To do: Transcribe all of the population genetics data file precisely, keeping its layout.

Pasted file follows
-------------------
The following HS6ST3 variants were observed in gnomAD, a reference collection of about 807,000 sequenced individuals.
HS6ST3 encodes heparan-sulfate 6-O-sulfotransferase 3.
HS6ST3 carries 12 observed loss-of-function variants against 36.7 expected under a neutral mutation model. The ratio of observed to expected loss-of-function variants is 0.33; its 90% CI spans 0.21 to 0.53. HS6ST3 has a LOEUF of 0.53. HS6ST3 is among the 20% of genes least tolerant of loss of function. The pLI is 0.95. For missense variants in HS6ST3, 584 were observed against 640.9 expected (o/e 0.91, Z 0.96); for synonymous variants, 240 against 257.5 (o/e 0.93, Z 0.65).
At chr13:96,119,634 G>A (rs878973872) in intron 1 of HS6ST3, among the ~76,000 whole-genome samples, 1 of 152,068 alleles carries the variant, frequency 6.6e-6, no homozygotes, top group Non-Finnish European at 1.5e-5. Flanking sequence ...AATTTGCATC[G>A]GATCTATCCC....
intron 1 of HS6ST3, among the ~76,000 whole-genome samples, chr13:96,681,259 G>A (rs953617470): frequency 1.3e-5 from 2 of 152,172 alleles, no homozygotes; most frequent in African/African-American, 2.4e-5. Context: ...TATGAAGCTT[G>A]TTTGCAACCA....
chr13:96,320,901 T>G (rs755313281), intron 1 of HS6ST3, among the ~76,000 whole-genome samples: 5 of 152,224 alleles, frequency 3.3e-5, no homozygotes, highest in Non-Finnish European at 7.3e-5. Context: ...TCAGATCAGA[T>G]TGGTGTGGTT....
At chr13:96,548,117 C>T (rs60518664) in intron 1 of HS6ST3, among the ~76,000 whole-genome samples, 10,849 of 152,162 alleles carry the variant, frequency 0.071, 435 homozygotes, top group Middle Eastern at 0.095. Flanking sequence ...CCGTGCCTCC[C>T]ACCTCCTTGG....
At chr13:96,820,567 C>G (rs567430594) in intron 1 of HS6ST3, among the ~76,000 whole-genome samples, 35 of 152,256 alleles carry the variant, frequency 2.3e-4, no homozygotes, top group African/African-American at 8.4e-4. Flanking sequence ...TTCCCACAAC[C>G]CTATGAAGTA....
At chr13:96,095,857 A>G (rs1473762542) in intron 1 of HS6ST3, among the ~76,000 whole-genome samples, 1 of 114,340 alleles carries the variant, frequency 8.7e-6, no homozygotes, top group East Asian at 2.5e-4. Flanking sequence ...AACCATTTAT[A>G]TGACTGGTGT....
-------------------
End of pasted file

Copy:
The following HS6ST3 variants were observed in gnomAD, a reference collection of about 807,000 sequenced individuals.
HS6ST3 encodes heparan-sulfate 6-O-sulfotransferase 3.
HS6ST3 carries 12 observed loss-of-function variants against 36.7 expected under a neutral mutation model. The ratio of observed to expected loss-of-function variants is 0.33; its 90% CI spans 0.21 to 0.53. HS6ST3 has a LOEUF of 0.53. HS6ST3 is among the 20% of genes least tolerant of loss of function. The pLI is 0.95. For missense variants in HS6ST3, 584 were observed against 640.9 expected (o/e 0.91, Z 0.96); for synonymous variants, 240 against 257.5 (o/e 0.93, Z 0.65).
At chr13:96,119,634 G>A (rs878973872) in intron 1 of HS6ST3, among the ~76,000 whole-genome samples, 1 of 152,068 alleles carries the variant, frequency 6.6e-6, no homozygotes, top group Non-Finnish European at 1.5e-5. Flanking sequence ...AATTTGCATC[G>A]GATCTATCCC....
intron 1 of HS6ST3, among the ~76,000 whole-genome samples, chr13:96,681,259 G>A (rs953617470): frequency 1.3e-5 from 2 of 152,172 alleles, no homozygotes; most frequent in African/African-American, 2.4e-5. Context: ...TATGAAGCTT[G>A]TTTGCAACCA....
chr13:96,320,901 T>G (rs755313281), intron 1 of HS6ST3, among the ~76,000 whole-genome samples: 5 of 152,224 alleles, frequency 3.3e-5, no homozygotes, highest in Non-Finnish European at 7.3e-5. Context: ...TCAGATCAGA[T>G]TGGTGTGGTT....
At chr13:96,548,117 C>T (rs60518664) in intron 1 of HS6ST3, among the ~76,000 whole-genome samples, 10,849 of 152,162 alleles carry the variant, frequency 0.071, 435 homozygotes, top group Middle Eastern at 0.095. Flanking sequence ...CCGTGCCTCC[C>T]ACCTCCTTGG....
At chr13:96,820,567 C>G (rs567430594) in intron 1 of HS6ST3, among the ~76,000 whole-genome samples, 35 of 152,256 alleles carry the variant, frequency 2.3e-4, no homozygotes, top group African/African-American at 8.4e-4. Flanking sequence ...TTCCCACAAC[C>G]CTATGAAGTA....
At chr13:96,095,857 A>G (rs1473762542) in intron 1 of HS6ST3, among the ~76,000 whole-genome samples, 1 of 114,340 alleles carries the variant, frequency 8.7e-6, no homozygotes, top group East Asian at 2.5e-4. Flanking sequence ...AACCATTTAT[A>G]TGACTGGTGT....